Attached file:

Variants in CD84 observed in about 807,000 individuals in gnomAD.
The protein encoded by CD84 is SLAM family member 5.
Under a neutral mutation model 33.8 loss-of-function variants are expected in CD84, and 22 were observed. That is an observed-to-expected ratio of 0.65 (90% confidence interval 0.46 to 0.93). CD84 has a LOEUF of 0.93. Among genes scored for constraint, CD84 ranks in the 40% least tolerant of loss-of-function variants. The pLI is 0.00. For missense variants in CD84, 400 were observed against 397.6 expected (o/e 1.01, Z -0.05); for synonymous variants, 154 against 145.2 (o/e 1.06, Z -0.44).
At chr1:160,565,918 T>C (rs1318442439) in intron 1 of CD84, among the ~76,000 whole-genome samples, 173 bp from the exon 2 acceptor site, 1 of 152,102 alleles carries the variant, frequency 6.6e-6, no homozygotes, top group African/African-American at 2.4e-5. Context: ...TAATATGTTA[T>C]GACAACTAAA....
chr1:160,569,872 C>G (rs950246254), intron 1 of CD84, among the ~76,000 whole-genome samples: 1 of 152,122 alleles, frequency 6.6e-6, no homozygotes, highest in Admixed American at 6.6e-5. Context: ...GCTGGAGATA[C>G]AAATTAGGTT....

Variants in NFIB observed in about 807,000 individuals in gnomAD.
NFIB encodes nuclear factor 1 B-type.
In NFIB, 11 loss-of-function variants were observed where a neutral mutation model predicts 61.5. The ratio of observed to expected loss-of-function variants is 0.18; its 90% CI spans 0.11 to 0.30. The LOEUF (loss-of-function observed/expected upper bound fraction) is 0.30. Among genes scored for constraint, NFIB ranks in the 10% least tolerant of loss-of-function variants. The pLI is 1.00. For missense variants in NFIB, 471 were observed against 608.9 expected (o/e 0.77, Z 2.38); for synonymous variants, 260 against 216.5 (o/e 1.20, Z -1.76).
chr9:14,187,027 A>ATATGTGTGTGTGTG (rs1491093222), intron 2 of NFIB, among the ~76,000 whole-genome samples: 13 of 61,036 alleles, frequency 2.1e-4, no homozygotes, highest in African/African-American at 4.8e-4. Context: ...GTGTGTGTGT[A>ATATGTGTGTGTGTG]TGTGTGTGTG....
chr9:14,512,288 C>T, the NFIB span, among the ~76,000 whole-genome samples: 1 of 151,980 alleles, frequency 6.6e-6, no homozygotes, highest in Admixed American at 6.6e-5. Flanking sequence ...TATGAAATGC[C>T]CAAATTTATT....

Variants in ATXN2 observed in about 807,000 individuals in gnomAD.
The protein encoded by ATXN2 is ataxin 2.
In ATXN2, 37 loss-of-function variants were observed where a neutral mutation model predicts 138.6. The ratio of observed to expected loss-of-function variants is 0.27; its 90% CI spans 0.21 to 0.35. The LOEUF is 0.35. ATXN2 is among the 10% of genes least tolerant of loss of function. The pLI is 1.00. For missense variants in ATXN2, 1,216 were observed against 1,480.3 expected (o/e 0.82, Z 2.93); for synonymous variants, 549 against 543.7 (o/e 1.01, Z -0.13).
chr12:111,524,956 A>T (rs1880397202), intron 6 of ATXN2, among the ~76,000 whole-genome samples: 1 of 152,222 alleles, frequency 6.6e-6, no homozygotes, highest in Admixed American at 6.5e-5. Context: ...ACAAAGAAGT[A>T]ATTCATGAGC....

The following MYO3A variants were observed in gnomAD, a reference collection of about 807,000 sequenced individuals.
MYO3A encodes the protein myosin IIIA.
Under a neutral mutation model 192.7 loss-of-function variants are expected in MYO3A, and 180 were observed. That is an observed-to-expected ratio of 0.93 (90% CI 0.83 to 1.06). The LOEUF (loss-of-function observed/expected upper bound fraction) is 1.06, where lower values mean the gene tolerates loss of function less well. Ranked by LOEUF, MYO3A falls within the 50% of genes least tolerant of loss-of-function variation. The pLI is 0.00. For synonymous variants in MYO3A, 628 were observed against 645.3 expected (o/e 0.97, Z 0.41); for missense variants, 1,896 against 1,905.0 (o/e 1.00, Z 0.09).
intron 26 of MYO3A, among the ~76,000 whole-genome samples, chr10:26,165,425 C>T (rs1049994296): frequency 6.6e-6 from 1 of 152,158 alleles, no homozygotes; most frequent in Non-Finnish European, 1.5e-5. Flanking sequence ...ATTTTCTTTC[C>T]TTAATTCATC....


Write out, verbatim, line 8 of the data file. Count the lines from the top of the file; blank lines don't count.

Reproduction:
In NFIB, 11 loss-of-function variants were observed where a neutral mutation model predicts 61.5. The ratio of observed to expected loss-of-function variants is 0.18; its 90% CI spans 0.11 to 0.30. The LOEUF (loss-of-function observed/expected upper bound fraction) is 0.30. Among genes scored for constraint, NFIB ranks in the 10% least tolerant of loss-of-function variants. The pLI is 1.00. For missense variants in NFIB, 471 were observed against 608.9 expected (o/e 0.77, Z 2.38); for synonymous variants, 260 against 216.5 (o/e 1.20, Z -1.76).